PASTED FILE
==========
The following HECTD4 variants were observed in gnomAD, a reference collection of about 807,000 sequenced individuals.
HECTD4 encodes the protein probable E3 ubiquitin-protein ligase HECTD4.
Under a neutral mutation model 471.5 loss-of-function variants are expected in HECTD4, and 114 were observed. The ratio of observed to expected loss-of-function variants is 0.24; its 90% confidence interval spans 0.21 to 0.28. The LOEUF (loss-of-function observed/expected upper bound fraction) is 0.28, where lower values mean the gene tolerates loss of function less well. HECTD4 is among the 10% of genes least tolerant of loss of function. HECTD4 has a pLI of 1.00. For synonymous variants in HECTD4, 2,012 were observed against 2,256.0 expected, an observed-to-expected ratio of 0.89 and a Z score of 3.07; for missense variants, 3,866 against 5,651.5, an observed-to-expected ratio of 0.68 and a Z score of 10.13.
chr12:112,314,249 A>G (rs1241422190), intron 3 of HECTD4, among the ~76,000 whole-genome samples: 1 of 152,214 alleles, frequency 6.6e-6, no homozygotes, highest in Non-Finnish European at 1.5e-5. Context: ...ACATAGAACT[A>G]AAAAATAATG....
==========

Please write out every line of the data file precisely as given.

The following HECTD4 variants were observed in gnomAD, a reference collection of about 807,000 sequenced individuals.
HECTD4 encodes the protein probable E3 ubiquitin-protein ligase HECTD4.
Under a neutral mutation model 471.5 loss-of-function variants are expected in HECTD4, and 114 were observed. The ratio of observed to expected loss-of-function variants is 0.24; its 90% confidence interval spans 0.21 to 0.28. The LOEUF (loss-of-function observed/expected upper bound fraction) is 0.28, where lower values mean the gene tolerates loss of function less well. HECTD4 is among the 10% of genes least tolerant of loss of function. HECTD4 has a pLI of 1.00. For synonymous variants in HECTD4, 2,012 were observed against 2,256.0 expected, an observed-to-expected ratio of 0.89 and a Z score of 3.07; for missense variants, 3,866 against 5,651.5, an observed-to-expected ratio of 0.68 and a Z score of 10.13.
chr12:112,314,249 A>G (rs1241422190), intron 3 of HECTD4, among the ~76,000 whole-genome samples: 1 of 152,214 alleles, frequency 6.6e-6, no homozygotes, highest in Non-Finnish European at 1.5e-5. Context: ...ACATAGAACT[A>G]AAAAATAATG....